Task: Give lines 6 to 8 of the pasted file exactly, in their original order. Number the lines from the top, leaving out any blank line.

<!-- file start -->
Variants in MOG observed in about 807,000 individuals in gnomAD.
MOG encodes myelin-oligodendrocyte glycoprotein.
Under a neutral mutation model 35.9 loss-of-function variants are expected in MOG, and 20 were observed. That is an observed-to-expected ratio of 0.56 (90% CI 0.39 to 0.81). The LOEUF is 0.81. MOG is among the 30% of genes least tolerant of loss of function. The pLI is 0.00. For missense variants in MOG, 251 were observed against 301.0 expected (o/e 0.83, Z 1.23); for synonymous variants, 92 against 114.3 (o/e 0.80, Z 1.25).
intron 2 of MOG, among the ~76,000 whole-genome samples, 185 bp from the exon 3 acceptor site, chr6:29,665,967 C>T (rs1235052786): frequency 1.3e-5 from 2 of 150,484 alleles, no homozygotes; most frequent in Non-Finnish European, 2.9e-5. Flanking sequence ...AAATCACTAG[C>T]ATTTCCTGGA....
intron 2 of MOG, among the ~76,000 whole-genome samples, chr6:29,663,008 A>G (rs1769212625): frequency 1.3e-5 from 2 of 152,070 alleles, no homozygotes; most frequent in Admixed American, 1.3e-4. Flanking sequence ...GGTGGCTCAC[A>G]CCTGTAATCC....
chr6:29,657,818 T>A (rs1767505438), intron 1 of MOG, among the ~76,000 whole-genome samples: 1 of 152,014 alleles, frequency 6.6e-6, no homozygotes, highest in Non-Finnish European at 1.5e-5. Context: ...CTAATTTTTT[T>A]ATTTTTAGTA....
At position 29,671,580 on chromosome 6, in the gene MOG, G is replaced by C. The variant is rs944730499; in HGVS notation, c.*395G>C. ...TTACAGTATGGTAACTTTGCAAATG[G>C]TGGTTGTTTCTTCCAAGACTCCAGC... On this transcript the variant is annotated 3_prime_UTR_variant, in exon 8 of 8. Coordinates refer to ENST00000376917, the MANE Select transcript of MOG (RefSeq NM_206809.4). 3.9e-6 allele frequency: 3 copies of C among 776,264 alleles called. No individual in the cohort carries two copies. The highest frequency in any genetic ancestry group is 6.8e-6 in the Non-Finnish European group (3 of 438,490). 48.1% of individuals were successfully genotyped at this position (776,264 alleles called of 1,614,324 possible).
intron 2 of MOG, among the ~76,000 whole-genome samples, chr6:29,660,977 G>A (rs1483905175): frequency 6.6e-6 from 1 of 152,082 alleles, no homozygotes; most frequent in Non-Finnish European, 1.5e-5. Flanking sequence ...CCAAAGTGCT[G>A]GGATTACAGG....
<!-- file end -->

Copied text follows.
chr6:29,657,818 T>A (rs1767505438), intron 1 of MOG, among the ~76,000 whole-genome samples: 1 of 152,014 alleles, frequency 6.6e-6, no homozygotes, highest in Non-Finnish European at 1.5e-5. Context: ...CTAATTTTTT[T>A]ATTTTTAGTA....
At position 29,671,580 on chromosome 6, in the gene MOG, G is replaced by C. The variant is rs944730499; in HGVS notation, c.*395G>C. ...TTACAGTATGGTAACTTTGCAAATG[G>C]TGGTTGTTTCTTCCAAGACTCCAGC... On this transcript the variant is annotated 3_prime_UTR_variant, in exon 8 of 8. Coordinates refer to ENST00000376917, the MANE Select transcript of MOG (RefSeq NM_206809.4). 3.9e-6 allele frequency: 3 copies of C among 776,264 alleles called. No individual in the cohort carries two copies. The highest frequency in any genetic ancestry group is 6.8e-6 in the Non-Finnish European group (3 of 438,490). 48.1% of individuals were successfully genotyped at this position (776,264 alleles called of 1,614,324 possible).
intron 2 of MOG, among the ~76,000 whole-genome samples, chr6:29,660,977 G>A (rs1483905175): frequency 6.6e-6 from 1 of 152,082 alleles, no homozygotes; most frequent in Non-Finnish European, 1.5e-5. Flanking sequence ...CCAAAGTGCT[G>A]GGATTACAGG....